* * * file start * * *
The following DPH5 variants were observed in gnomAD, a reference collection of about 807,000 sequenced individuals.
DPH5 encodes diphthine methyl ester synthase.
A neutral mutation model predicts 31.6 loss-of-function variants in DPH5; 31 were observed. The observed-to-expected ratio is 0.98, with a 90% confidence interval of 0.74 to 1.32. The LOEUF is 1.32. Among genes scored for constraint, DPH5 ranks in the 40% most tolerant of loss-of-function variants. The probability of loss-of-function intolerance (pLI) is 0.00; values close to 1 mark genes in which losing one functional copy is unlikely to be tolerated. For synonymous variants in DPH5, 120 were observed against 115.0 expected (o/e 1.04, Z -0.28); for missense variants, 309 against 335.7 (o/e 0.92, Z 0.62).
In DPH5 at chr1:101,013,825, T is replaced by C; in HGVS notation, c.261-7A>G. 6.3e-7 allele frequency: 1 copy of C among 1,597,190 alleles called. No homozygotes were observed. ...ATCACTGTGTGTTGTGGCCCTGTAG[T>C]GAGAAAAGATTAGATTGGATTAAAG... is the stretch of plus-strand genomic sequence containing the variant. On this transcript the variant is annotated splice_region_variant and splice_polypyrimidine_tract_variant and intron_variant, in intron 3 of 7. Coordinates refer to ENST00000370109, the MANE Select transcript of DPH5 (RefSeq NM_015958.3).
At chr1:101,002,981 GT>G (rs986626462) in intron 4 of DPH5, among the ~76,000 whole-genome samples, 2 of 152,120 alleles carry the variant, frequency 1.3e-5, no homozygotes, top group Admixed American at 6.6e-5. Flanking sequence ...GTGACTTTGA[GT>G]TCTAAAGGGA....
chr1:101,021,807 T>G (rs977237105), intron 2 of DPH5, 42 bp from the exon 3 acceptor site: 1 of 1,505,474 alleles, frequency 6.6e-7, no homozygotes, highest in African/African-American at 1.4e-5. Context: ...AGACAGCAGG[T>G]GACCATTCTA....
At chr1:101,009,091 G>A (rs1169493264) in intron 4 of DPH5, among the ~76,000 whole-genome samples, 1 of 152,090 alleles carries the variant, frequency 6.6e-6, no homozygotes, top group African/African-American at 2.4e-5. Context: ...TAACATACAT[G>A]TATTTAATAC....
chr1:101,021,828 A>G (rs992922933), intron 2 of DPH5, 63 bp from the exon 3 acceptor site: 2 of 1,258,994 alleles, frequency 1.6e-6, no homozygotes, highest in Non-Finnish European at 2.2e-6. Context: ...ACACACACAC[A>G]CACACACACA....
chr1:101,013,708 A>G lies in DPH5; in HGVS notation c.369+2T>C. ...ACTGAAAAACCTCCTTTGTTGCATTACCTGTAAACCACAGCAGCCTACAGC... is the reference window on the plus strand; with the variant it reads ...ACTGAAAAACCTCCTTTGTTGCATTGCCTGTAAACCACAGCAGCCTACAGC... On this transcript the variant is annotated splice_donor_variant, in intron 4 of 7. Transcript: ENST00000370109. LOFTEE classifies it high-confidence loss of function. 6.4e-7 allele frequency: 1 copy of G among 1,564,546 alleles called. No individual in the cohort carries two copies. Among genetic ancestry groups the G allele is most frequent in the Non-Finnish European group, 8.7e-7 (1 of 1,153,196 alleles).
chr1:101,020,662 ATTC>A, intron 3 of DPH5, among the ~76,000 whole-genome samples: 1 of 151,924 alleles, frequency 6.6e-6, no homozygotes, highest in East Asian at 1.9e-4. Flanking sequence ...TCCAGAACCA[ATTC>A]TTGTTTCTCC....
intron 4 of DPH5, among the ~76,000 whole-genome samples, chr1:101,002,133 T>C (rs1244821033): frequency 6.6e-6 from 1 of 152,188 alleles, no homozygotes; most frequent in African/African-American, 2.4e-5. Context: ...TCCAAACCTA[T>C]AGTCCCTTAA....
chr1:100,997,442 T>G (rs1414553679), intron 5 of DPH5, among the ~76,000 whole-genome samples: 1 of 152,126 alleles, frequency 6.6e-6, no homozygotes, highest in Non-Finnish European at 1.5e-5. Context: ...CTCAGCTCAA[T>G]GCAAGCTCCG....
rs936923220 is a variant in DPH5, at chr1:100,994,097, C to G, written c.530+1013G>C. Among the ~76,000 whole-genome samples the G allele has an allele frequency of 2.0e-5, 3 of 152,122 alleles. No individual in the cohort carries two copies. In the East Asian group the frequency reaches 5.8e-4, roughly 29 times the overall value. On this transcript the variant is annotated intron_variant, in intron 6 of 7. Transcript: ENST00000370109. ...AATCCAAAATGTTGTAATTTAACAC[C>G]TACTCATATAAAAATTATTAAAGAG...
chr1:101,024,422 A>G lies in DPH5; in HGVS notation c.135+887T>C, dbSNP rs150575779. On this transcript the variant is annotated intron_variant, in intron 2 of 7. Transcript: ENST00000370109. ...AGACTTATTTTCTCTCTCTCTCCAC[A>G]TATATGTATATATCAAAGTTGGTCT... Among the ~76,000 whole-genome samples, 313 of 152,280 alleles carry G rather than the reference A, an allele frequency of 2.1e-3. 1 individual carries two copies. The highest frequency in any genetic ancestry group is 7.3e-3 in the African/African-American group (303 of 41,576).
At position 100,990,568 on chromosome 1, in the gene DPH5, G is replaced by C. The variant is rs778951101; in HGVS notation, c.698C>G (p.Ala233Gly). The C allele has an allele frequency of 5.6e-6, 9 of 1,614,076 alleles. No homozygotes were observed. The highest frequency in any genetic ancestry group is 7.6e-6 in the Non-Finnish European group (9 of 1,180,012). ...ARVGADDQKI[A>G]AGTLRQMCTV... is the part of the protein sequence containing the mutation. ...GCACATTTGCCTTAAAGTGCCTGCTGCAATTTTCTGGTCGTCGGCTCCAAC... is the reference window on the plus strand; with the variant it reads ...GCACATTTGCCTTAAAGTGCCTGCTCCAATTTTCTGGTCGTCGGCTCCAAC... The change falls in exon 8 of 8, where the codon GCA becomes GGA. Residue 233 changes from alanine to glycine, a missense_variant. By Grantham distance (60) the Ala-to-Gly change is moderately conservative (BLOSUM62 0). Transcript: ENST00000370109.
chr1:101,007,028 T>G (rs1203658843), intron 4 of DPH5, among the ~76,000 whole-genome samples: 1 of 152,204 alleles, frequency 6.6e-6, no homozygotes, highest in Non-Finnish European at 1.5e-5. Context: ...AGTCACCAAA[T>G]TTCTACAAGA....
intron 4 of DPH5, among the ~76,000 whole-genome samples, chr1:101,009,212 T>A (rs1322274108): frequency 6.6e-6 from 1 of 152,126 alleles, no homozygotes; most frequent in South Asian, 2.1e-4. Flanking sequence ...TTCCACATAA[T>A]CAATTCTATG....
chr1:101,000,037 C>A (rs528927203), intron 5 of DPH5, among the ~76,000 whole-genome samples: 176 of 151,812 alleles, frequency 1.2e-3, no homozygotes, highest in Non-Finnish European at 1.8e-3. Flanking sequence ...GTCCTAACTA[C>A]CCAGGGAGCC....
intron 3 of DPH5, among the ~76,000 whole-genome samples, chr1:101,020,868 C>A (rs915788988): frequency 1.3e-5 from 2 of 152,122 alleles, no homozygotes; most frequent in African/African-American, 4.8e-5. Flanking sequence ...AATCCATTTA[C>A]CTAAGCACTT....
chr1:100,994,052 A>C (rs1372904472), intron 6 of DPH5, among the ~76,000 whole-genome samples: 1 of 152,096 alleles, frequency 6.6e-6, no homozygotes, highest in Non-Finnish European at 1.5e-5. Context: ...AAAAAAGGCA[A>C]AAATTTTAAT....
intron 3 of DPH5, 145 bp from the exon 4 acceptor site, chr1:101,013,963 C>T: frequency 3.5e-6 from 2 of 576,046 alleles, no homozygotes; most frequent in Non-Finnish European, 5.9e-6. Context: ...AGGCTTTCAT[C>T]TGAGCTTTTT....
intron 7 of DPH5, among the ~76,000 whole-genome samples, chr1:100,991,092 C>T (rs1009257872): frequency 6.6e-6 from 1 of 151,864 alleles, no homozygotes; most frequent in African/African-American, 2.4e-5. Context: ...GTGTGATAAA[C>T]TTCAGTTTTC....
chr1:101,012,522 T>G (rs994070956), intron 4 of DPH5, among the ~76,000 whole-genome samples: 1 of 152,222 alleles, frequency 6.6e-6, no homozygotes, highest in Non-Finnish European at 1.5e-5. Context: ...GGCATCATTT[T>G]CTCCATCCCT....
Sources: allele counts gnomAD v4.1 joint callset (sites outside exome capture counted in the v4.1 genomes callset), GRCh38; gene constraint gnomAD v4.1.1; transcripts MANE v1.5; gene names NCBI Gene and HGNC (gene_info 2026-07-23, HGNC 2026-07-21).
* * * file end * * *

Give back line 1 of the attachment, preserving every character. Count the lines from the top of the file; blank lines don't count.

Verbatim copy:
The following DPH5 variants were observed in gnomAD, a reference collection of about 807,000 sequenced individuals.